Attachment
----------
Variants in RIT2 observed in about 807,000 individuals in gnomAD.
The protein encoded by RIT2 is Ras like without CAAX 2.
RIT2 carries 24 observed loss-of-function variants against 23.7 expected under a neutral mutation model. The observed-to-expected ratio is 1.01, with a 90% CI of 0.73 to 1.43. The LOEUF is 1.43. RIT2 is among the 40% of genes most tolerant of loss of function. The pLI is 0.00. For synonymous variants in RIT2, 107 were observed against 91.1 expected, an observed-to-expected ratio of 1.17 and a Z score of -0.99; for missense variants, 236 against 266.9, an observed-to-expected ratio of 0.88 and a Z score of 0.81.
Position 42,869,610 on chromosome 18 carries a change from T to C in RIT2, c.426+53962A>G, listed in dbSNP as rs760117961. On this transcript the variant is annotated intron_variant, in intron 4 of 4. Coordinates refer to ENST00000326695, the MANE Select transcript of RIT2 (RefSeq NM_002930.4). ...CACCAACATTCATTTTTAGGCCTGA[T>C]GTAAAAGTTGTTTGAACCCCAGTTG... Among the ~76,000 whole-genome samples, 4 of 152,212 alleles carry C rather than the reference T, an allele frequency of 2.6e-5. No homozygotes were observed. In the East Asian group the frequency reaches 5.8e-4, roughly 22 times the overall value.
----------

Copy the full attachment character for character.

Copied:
Variants in RIT2 observed in about 807,000 individuals in gnomAD.
The protein encoded by RIT2 is Ras like without CAAX 2.
RIT2 carries 24 observed loss-of-function variants against 23.7 expected under a neutral mutation model. The observed-to-expected ratio is 1.01, with a 90% CI of 0.73 to 1.43. The LOEUF is 1.43. RIT2 is among the 40% of genes most tolerant of loss of function. The pLI is 0.00. For synonymous variants in RIT2, 107 were observed against 91.1 expected, an observed-to-expected ratio of 1.17 and a Z score of -0.99; for missense variants, 236 against 266.9, an observed-to-expected ratio of 0.88 and a Z score of 0.81.
Position 42,869,610 on chromosome 18 carries a change from T to C in RIT2, c.426+53962A>G, listed in dbSNP as rs760117961. On this transcript the variant is annotated intron_variant, in intron 4 of 4. Coordinates refer to ENST00000326695, the MANE Select transcript of RIT2 (RefSeq NM_002930.4). ...CACCAACATTCATTTTTAGGCCTGA[T>C]GTAAAAGTTGTTTGAACCCCAGTTG... Among the ~76,000 whole-genome samples, 4 of 152,212 alleles carry C rather than the reference T, an allele frequency of 2.6e-5. No homozygotes were observed. In the East Asian group the frequency reaches 5.8e-4, roughly 22 times the overall value.